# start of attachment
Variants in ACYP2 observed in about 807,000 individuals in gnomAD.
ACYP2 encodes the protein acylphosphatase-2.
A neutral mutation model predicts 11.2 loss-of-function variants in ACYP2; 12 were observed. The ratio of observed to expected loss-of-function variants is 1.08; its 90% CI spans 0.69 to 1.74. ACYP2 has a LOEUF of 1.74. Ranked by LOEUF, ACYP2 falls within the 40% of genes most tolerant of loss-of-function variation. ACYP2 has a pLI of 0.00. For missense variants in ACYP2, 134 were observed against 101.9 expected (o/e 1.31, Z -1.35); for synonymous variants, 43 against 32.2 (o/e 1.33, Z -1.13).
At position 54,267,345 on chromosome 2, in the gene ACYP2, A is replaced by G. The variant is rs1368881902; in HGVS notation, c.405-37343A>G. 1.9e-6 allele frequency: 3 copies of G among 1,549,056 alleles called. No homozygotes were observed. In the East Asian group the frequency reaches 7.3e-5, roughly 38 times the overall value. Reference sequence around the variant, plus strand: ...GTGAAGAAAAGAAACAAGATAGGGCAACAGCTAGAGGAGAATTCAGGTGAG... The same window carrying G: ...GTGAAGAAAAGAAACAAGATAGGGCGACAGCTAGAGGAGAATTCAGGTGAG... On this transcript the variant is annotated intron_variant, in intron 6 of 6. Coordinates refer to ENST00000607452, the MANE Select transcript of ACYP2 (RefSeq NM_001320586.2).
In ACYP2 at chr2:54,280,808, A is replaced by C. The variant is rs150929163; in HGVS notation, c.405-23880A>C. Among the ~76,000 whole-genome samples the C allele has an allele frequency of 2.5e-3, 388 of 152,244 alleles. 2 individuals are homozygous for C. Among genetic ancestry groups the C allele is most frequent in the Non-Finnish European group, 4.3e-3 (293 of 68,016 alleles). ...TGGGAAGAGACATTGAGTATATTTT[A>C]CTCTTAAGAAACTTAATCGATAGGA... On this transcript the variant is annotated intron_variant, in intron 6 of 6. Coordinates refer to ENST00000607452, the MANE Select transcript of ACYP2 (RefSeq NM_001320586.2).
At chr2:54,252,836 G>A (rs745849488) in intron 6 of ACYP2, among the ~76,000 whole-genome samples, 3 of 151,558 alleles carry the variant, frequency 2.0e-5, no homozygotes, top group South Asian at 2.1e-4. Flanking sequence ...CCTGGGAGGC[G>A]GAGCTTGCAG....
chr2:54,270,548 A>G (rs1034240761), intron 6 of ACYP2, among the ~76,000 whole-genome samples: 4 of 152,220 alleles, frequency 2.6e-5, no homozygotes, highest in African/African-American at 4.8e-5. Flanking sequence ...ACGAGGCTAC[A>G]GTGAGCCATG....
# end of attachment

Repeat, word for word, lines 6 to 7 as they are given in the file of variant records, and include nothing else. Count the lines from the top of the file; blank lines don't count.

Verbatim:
At chr2:54,252,836 G>A (rs745849488) in intron 6 of ACYP2, among the ~76,000 whole-genome samples, 3 of 151,558 alleles carry the variant, frequency 2.0e-5, no homozygotes, top group South Asian at 2.1e-4. Flanking sequence ...CCTGGGAGGC[G>A]GAGCTTGCAG....
chr2:54,270,548 A>G (rs1034240761), intron 6 of ACYP2, among the ~76,000 whole-genome samples: 4 of 152,220 alleles, frequency 2.6e-5, no homozygotes, highest in African/African-American at 4.8e-5. Flanking sequence ...ACGAGGCTAC[A>G]GTGAGCCATG....